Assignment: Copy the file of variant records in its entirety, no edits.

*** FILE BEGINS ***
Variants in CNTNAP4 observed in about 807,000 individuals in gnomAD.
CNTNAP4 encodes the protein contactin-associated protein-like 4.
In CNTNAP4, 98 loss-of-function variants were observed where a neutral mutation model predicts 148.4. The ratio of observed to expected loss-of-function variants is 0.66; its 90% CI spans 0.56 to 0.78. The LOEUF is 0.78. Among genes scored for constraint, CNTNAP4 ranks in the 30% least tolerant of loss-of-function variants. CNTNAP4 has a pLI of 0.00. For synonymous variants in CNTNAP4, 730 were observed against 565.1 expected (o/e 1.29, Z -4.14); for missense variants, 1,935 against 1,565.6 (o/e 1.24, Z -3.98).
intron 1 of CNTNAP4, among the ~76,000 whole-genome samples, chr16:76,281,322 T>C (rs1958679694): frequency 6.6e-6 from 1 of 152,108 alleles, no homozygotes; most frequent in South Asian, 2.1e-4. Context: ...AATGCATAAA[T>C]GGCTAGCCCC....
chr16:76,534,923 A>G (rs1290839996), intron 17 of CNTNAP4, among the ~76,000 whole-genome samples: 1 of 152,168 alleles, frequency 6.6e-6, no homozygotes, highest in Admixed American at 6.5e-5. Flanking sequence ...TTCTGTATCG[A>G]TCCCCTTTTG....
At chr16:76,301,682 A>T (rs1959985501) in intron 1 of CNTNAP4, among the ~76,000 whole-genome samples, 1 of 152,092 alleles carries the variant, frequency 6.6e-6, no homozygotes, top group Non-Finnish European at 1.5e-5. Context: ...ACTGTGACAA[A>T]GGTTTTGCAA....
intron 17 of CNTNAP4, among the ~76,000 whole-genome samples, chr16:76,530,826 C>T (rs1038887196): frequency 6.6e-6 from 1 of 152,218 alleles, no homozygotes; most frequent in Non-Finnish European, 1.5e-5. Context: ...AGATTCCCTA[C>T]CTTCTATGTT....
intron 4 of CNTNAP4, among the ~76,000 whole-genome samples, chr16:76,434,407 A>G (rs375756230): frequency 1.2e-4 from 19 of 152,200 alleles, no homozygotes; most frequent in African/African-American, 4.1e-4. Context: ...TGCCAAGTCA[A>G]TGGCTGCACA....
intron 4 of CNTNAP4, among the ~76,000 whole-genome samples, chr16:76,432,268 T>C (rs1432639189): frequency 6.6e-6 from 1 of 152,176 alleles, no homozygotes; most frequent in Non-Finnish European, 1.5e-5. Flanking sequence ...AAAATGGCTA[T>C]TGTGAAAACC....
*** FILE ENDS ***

Variants in CNTNAP4 observed in about 807,000 individuals in gnomAD.
CNTNAP4 encodes the protein contactin-associated protein-like 4.
In CNTNAP4, 98 loss-of-function variants were observed where a neutral mutation model predicts 148.4. The ratio of observed to expected loss-of-function variants is 0.66; its 90% CI spans 0.56 to 0.78. The LOEUF is 0.78. Among genes scored for constraint, CNTNAP4 ranks in the 30% least tolerant of loss-of-function variants. CNTNAP4 has a pLI of 0.00. For synonymous variants in CNTNAP4, 730 were observed against 565.1 expected (o/e 1.29, Z -4.14); for missense variants, 1,935 against 1,565.6 (o/e 1.24, Z -3.98).
intron 1 of CNTNAP4, among the ~76,000 whole-genome samples, chr16:76,281,322 T>C (rs1958679694): frequency 6.6e-6 from 1 of 152,108 alleles, no homozygotes; most frequent in South Asian, 2.1e-4. Context: ...AATGCATAAA[T>C]GGCTAGCCCC....
chr16:76,534,923 A>G (rs1290839996), intron 17 of CNTNAP4, among the ~76,000 whole-genome samples: 1 of 152,168 alleles, frequency 6.6e-6, no homozygotes, highest in Admixed American at 6.5e-5. Flanking sequence ...TTCTGTATCG[A>G]TCCCCTTTTG....
At chr16:76,301,682 A>T (rs1959985501) in intron 1 of CNTNAP4, among the ~76,000 whole-genome samples, 1 of 152,092 alleles carries the variant, frequency 6.6e-6, no homozygotes, top group Non-Finnish European at 1.5e-5. Context: ...ACTGTGACAA[A>T]GGTTTTGCAA....
intron 17 of CNTNAP4, among the ~76,000 whole-genome samples, chr16:76,530,826 C>T (rs1038887196): frequency 6.6e-6 from 1 of 152,218 alleles, no homozygotes; most frequent in Non-Finnish European, 1.5e-5. Context: ...AGATTCCCTA[C>T]CTTCTATGTT....
intron 4 of CNTNAP4, among the ~76,000 whole-genome samples, chr16:76,434,407 A>G (rs375756230): frequency 1.2e-4 from 19 of 152,200 alleles, no homozygotes; most frequent in African/African-American, 4.1e-4. Context: ...TGCCAAGTCA[A>G]TGGCTGCACA....
intron 4 of CNTNAP4, among the ~76,000 whole-genome samples, chr16:76,432,268 T>C (rs1432639189): frequency 6.6e-6 from 1 of 152,176 alleles, no homozygotes; most frequent in Non-Finnish European, 1.5e-5. Flanking sequence ...AAAATGGCTA[T>C]TGTGAAAACC....